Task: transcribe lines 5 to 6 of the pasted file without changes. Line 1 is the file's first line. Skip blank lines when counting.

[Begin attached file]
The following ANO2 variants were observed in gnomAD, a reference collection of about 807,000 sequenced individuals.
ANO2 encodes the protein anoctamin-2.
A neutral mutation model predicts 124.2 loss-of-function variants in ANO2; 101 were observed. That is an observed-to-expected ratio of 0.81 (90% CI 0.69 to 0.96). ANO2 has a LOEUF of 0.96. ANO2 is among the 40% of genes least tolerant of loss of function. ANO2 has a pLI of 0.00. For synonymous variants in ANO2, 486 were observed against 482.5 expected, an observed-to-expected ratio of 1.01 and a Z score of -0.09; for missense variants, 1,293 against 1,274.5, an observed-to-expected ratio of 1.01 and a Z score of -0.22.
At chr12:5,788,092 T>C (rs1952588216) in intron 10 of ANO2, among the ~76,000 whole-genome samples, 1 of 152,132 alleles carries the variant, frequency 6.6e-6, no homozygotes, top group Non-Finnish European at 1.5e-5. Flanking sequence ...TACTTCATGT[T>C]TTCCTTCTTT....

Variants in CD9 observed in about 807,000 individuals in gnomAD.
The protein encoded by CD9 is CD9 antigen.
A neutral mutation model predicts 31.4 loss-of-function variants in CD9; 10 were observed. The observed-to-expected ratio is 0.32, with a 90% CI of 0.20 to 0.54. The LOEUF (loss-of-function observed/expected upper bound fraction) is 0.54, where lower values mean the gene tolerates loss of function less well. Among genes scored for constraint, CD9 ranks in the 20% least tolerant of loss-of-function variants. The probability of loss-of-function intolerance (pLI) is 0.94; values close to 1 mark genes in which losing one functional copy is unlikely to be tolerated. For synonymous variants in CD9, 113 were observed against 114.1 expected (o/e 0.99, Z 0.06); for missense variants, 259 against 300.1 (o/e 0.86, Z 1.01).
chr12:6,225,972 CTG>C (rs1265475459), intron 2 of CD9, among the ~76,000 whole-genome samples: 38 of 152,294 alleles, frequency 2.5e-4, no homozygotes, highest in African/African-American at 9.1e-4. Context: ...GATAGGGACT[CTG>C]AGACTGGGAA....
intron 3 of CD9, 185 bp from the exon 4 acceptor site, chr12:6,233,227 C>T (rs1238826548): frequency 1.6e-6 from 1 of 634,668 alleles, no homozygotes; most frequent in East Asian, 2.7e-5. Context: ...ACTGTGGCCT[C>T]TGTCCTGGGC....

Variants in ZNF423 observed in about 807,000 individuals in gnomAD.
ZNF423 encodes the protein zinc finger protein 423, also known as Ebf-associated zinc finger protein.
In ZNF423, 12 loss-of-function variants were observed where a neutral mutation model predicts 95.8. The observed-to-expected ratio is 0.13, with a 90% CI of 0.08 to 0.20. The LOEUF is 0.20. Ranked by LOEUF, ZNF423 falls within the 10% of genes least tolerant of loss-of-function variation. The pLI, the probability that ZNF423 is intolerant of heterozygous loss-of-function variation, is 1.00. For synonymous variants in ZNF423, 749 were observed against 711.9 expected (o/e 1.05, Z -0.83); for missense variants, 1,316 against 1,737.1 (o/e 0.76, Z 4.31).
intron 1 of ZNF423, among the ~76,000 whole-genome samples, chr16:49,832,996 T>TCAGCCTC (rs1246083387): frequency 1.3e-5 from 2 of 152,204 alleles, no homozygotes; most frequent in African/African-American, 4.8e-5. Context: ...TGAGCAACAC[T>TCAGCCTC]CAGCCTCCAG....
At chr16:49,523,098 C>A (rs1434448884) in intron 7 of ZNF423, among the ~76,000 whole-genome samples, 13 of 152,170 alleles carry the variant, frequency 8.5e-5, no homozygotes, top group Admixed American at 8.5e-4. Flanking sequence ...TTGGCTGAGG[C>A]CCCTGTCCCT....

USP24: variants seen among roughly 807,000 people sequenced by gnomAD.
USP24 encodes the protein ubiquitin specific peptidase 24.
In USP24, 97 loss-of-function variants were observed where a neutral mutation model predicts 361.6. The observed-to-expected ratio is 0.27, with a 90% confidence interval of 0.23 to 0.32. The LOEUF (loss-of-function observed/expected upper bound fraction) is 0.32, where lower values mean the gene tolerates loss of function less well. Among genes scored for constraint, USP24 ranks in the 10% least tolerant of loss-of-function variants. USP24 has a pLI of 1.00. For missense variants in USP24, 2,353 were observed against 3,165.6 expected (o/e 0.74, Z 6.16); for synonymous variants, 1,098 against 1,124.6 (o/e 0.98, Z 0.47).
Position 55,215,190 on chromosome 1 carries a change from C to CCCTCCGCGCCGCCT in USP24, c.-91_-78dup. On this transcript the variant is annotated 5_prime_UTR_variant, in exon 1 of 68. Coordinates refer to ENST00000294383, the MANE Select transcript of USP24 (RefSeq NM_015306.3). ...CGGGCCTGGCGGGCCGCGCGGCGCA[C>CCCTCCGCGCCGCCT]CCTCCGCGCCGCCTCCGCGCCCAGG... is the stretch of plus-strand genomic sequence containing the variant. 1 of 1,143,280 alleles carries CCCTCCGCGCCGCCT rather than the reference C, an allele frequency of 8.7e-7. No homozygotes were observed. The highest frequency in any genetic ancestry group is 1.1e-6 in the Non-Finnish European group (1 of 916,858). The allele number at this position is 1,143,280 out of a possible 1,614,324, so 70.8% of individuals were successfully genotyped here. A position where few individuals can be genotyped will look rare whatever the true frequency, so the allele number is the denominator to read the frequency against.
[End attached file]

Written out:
Variants in CD9 observed in about 807,000 individuals in gnomAD.
The protein encoded by CD9 is CD9 antigen.